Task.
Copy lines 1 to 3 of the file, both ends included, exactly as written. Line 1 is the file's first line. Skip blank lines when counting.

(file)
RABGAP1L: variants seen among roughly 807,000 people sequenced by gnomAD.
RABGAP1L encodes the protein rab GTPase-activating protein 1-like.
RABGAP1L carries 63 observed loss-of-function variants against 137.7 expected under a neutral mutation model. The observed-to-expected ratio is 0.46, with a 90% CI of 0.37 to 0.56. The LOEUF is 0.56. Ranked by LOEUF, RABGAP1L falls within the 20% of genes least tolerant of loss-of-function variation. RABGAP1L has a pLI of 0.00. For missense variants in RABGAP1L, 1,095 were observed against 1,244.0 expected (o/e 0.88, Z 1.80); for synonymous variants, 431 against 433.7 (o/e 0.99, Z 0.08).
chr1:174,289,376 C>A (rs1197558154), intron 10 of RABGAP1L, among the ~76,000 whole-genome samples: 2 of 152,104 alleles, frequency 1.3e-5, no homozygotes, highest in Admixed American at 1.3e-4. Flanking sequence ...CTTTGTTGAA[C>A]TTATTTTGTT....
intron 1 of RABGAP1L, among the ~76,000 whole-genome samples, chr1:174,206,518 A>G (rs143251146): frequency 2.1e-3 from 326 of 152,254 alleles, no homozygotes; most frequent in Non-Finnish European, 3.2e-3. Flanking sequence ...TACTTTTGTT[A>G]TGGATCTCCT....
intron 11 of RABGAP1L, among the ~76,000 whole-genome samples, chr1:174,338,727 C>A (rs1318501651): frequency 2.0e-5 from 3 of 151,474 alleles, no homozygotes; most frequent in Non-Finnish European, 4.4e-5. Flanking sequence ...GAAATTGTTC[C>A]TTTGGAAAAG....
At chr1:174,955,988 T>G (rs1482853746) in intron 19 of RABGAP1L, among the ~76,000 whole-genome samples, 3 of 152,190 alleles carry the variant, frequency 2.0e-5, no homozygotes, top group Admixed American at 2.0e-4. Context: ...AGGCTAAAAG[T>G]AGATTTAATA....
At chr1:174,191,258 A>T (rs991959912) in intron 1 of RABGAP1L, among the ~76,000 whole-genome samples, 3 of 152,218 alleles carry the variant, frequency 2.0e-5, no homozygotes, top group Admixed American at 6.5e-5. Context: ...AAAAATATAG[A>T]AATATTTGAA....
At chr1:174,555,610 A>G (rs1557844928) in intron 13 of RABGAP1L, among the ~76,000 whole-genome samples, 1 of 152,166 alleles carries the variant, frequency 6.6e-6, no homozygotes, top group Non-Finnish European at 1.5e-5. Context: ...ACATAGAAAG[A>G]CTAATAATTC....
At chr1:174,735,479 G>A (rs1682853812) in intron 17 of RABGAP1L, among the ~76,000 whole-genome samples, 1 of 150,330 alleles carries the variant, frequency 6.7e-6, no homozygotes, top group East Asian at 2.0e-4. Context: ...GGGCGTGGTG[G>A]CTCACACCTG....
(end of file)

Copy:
RABGAP1L: variants seen among roughly 807,000 people sequenced by gnomAD.
RABGAP1L encodes the protein rab GTPase-activating protein 1-like.
RABGAP1L carries 63 observed loss-of-function variants against 137.7 expected under a neutral mutation model. The observed-to-expected ratio is 0.46, with a 90% CI of 0.37 to 0.56. The LOEUF is 0.56. Ranked by LOEUF, RABGAP1L falls within the 20% of genes least tolerant of loss-of-function variation. RABGAP1L has a pLI of 0.00. For missense variants in RABGAP1L, 1,095 were observed against 1,244.0 expected (o/e 0.88, Z 1.80); for synonymous variants, 431 against 433.7 (o/e 0.99, Z 0.08).